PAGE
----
Skip to main content

Falcons coordinators break down what went wrong against 49ers, how to find a remedy against Lions 

Dean Pees said the defense was pressing. Dave Ragone said the offense wasn't executing on a fundamental level. So, where do the Falcons go from here? 

Atlanta Falcons head coach Arthur Smith and San Francisco 49ers head coach Kyle Shanahan talk after their game at Levi's Stadium in Santa Clara, California on Sunday, December 19, 2021. (Photo by Michael Urakami/Atlanta Falcons)
Atlanta Falcons head coach Arthur Smith and San Francisco 49ers head coach Kyle Shanahan talk after their game at Levi's Stadium in Santa Clara, California on Sunday, December 19, 2021. (Photo by Michael Urakami/Atlanta Falcons)

FLOWERY BRANCH, Ga. -- Directly following the Falcons 31-13 loss to the San Francisco 49ers on Sunday, Duron Harmon inferred the reason for the loss was simple.

"The 49ers out-executed us," Harmon said. "... They played the game the way they wanted to play the game, and that is why they won."


The word "execution" came up in just about every postgame interview, and everyone essentially said the same thing: The 49ers executed their game plan. The Falcons did not. That was all the detail given, though, and it wouldn't be until coordinators took the press conference podium on Thursday to give more of the details as to why.

Broken down into offensive and defensive responses, let's take a look at what Dave Ragone and Dean Pees had to say about their respected units' play on Sunday, and what needs to change before the Lions get to Atlanta to face the Falcons this Sunday.

The offense's break down in fundamentals

We don't need to rehash the Falcons inability to score in the red zone, nor do we need to go into too much detail on their short yardage woes. We've done quite enough of that already. What we haven't done yet is explain why it happened.

According to Ragone, it all came back to fundamentals. Ragone noted it could be something as simple as a player's eyes not being in the right spot, or a lineman not taking the right first step. If those small things happen too often, "more than likely there are going to be inconsistencies" in the level of play and execution. That's what the Falcons saw happening last Sunday, particularly in short yardage situations.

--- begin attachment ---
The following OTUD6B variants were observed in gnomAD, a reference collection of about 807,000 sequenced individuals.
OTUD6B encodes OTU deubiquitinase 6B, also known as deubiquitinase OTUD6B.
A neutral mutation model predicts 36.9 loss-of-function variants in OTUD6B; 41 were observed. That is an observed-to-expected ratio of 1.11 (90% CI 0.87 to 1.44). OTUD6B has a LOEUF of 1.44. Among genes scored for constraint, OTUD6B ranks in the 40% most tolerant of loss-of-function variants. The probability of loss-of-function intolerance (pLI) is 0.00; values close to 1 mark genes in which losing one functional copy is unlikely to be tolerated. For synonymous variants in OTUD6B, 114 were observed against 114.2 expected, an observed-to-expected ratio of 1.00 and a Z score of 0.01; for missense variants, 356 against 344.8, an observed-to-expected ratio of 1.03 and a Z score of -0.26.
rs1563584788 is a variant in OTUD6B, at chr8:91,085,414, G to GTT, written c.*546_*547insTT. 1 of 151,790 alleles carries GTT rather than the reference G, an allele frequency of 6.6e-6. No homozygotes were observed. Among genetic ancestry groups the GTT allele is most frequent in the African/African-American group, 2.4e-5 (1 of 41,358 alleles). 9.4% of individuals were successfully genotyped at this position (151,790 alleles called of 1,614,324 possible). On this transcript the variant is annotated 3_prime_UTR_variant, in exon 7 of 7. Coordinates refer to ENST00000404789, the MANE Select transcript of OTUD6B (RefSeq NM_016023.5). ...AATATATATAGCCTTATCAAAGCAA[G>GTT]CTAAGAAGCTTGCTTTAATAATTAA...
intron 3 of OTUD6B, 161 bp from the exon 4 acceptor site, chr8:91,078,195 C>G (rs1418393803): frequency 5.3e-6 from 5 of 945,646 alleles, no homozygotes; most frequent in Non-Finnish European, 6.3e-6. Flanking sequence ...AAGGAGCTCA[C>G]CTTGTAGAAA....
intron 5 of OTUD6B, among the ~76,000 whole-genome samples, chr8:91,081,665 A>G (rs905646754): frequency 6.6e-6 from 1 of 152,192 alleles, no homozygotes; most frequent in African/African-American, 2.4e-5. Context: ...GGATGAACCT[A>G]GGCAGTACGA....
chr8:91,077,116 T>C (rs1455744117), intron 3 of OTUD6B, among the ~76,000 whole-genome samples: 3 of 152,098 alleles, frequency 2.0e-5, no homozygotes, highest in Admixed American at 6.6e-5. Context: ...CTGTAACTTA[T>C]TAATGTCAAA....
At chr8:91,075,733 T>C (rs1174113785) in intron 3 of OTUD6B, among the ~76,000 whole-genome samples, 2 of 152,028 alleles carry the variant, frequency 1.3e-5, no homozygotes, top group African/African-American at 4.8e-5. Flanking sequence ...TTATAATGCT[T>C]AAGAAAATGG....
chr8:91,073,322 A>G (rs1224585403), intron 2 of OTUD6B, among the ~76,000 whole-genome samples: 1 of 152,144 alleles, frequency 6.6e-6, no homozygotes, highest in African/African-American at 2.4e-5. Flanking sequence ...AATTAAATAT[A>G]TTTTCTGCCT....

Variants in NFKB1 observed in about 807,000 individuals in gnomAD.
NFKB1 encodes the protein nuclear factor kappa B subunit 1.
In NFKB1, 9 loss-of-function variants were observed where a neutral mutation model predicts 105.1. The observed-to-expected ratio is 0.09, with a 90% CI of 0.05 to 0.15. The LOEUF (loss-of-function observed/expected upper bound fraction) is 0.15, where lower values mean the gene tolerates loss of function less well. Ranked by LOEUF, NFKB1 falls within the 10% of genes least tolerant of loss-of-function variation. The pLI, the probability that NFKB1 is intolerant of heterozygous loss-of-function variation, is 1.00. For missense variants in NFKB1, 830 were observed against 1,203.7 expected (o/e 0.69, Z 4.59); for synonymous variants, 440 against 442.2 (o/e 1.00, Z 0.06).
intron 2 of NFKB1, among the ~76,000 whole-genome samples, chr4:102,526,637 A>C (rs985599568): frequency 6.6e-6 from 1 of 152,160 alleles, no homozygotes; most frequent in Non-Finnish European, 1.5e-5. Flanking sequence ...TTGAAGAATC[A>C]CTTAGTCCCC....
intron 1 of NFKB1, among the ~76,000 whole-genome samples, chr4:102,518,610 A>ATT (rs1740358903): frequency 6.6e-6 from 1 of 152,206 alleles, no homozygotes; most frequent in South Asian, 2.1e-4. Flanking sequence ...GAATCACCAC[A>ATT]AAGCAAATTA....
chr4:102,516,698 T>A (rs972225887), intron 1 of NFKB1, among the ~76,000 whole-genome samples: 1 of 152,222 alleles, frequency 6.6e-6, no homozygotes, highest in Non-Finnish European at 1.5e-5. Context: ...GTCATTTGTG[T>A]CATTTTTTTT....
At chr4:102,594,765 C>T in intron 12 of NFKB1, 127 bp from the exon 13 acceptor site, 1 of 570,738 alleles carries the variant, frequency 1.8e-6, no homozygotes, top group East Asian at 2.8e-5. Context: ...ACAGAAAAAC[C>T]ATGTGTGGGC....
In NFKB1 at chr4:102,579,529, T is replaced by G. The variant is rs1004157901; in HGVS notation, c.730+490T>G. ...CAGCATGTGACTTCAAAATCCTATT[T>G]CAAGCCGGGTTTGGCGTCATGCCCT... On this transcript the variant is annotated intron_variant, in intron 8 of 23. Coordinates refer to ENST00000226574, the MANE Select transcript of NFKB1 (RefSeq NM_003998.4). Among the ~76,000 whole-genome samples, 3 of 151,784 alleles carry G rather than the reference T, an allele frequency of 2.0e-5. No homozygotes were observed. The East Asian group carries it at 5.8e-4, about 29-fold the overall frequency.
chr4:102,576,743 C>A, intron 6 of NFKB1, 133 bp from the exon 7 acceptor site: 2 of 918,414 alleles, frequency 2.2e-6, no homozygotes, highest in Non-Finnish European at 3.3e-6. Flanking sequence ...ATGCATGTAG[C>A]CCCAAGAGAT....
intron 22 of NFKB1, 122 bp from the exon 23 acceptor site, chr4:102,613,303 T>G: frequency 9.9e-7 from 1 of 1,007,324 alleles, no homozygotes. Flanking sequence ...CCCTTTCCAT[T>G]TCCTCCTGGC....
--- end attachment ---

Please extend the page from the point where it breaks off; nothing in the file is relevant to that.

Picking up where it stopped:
Ragone said execution needs to be at a much higher level. He added the coaching staff needs to do a better job, too, designing plays to get players in better physical positions to make plays.

At the end of the day, though, the Falcons know what they have to do more than anything: Score. You can't beat anybody until you do.

"When you score touchdowns (in the red zone)," Ragone said, "the outcome, the outlook feels different as the game progresses"

Atlanta Falcons wide receiver Christian Blake #13 attempts to catch a pass during the fourth quarter against the San Francisco 49ers at Levi's Stadium in Santa Clara, California on Sunday, December 19, 2021. (Photo by Brandon Magnus/Atlanta Falcons)

The defense's "uncharacteristic" press

Pees was incredibly honest about his evaluation of the Falcons loss to the 49ers. He said to give the 49ers credit. They came into Sunday's game ready to run a few things the Falcons hadn't prepared for. But more than anything, Pees said the Falcons defense was pressing.

"We did some things so uncharacteristic and nothing that we had done in practice," Pees said. "... We made some checks that we never make, where there wasn't even a check to be made. I think guys were pressing a little bit, trying to do too much."

As he thought back on the game, Pees realized he was, too.

The 49ers threw the Falcons defense off by running a few plays Pees didn't expect them to. Once they did, Pees said as a coach you usually try to call something nice, easy and simple to act almost as a reset for the unit. They're basic formations, something you install on Day 1.

"You go back to something really fundamental. See if that works," Pees said.

"That was the problem, though: That didn't work on Sunday."

And as the 49ers' explosive plays accumulated, so did the Falcons' defensive unease.

"Something we have taken a lot of pride in is that we haven't given up very many big plays. We did in that first half," Pees explained. "Then, everybody kind of gets in a panic mode."

Pees would put himself in that "everybody" category, too. As the Falcons gave up big chunk plays, taking "terrible angles" and making checks that weren't even there, that's when defenders started to press.

"It's when I pressed," Pees said. "… I should've know better."

At the half, Pees spent less time talking about the Xs and Os of what he was seeing unfold before him, and more time trying to get his unit out of the funk it found itself in. He saw players "overdo" it when it came to trying to execute the play call. Pees' message at halftime is the same one he has going into the matchup with the Lions on Sunday: Just do your job. No one else's. Yours.

The Atlanta defense looked better in the second half, but the unit will have to continue to work to get back to the basics this coming Sunday, hoping to redeem itself after an uneasy and - at times - flustering performance against San Francisco.


Falcons Final Whistle | A Postgame Podcast

Break down the hottest topics surrounding the Atlanta Falcons and how they can impact the team's success with Falcons Insiders Scott Bair, Tori McElhaney and Terrin Waack. Like and subscribe to join us for the lively debate on Falcons Final Whistle.

Welcome to Falcons Final Whistle – an Atlanta Falcons football postgame podcast during the season that shifts gears in the offseason to answer a pressing question about the team's future each week through free agency, the NFL Draft and the offseason program.

Related Content